jack markell

Delaware: New Bill Could Legalize Medical Marijuana For Terminally Ill

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By Derrick Stanley
Hemp News

Delaware citizens with a terminal illness could get legal medical marijuana if new legislation is passed in the General Assembly.

"With each passing year, we are seeing more data on the benefits of medical marijuana, which is helping to de-stigmatize the medication," said Rep. Paul Baumbach, D-Newark and the bill's sponsor in a news release. "Delawareans facing a terminal illness should be able to access medical marijuana to help ease their symptoms and to cope with an extremely difficult situation."

The change would apply to anyone suffering from a condition that is "deemed fatal within a year regardless of any other medical treatment."

A new law was passed in Delaware just last year to allow cannabidiol and marijuana oil products for patients under 18 who suffer from conditions such as muscle spasms, nausea, and seizures.

Possession of an ounce of marijuana or less was decriminalized last year, making it like a parking ticket.

Gov. Jack Markell signed those bills, but has said that he does not support full legalization like Colorado, Washington, Alaska, or Oregon.

Marijuana remains illegal under federal law.

Delaware: Marijuana Decriminalization Law To Take Effect Friday

DelawareSmallWonderMarijuanaRoadSign[MarijuanaStocks.com]

Marijuana decriminalization legislation adopted earlier this year in Delaware will officially take effect on Friday, making it the 19th state in the nation to remove the threat of jail for simple marijuana possession. (A 20th state, Missouri, has a similar law on the books that goes into effect in 2017.)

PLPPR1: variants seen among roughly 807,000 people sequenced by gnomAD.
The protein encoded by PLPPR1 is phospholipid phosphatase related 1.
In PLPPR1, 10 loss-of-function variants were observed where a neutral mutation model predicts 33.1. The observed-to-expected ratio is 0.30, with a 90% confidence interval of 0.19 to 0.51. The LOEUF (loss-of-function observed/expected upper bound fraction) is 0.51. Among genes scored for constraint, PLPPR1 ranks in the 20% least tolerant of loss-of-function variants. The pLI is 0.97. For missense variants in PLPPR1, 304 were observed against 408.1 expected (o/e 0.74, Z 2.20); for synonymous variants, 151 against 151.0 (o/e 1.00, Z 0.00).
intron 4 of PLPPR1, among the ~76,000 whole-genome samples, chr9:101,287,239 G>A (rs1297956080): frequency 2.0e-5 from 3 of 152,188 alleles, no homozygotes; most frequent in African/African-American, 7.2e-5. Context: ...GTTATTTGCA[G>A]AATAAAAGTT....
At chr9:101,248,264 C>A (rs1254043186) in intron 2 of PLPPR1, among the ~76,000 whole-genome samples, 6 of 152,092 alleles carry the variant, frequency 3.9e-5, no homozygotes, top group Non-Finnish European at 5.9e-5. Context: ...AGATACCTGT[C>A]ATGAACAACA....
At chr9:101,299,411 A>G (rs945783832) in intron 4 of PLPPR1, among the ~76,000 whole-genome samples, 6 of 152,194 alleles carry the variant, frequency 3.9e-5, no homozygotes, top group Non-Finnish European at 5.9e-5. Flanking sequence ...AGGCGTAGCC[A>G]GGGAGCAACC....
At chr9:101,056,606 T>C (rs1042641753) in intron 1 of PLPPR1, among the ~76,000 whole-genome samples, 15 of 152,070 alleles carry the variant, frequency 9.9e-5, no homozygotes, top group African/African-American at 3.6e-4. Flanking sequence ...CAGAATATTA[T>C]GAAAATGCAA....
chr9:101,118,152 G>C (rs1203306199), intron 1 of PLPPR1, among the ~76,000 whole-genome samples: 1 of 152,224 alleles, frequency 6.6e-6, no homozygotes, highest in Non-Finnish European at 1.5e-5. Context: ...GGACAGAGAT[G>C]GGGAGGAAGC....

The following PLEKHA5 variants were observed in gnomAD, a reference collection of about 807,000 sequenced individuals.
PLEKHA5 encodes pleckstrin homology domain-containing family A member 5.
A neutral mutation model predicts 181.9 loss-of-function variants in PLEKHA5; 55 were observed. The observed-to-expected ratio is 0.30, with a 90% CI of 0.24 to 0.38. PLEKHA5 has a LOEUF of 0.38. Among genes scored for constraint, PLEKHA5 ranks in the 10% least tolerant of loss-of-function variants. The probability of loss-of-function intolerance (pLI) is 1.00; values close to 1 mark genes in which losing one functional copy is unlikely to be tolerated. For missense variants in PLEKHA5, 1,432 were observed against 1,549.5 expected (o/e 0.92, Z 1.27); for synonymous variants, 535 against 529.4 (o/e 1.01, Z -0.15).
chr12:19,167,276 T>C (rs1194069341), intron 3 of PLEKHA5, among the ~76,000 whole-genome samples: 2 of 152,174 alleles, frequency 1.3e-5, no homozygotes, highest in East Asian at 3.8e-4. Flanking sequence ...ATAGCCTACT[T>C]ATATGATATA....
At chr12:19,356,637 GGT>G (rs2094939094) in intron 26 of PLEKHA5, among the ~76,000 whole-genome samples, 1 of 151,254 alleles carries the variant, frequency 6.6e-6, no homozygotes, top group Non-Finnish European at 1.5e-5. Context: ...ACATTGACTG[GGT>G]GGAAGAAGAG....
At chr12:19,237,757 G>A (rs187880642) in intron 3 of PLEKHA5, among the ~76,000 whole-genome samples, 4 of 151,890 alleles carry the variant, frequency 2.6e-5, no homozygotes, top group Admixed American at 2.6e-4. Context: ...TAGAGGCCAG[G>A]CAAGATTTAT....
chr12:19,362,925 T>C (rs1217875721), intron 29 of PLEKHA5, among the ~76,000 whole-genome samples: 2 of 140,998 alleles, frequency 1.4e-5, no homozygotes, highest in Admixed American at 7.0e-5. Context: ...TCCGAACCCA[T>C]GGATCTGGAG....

“Delaware’s marijuana policy is about to become a lot more reasonable,” said Karen O’Keefe, director of state policies for the Marijuana Policy Project (MPP). “Most people agree adults should not face jail time or the life-altering consequences of a criminal record just for possessing a substance that is safer than alcohol. Taxpayers certainly don’t want to foot the bill for it, and fortunately they will not have to any longer.”

Under current Delaware law, possession of up to one ounce of marijuana is a misdemeanor with a maximum punishment of a $575 fine and three months in jail.

Once HB 39 takes effect, the possession or private use of one ounce or less of marijuana will no longer trigger criminal penalties or create a criminal record for adults 21 years of age and older. Instead, it will be a civil violation punishable by a $100 fine.

Adults between the ages of 18 and 20 will face the same $100 civil fine for their first offense, then an unclassified misdemeanor for subsequent offenses, which they can have expunged from their records when they reach age 21. Marijuana possession by minors and public consumption by people of any age will remain misdemeanors.

Delaware: Governor Markell Signs Marijuana Decriminalization Bill Into Law

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Delaware becomes 20th state in the nation to remove the threat of jail for simple marijuana possession

Delaware Gov. Jack Markell signed a bill into law Thursday night that will remove criminal penalties and potential jail time for adult possession of a small amount of marijuana. The Delaware Senate approved the bill 12-9 earlier in the evening. The new law will take effect in six months.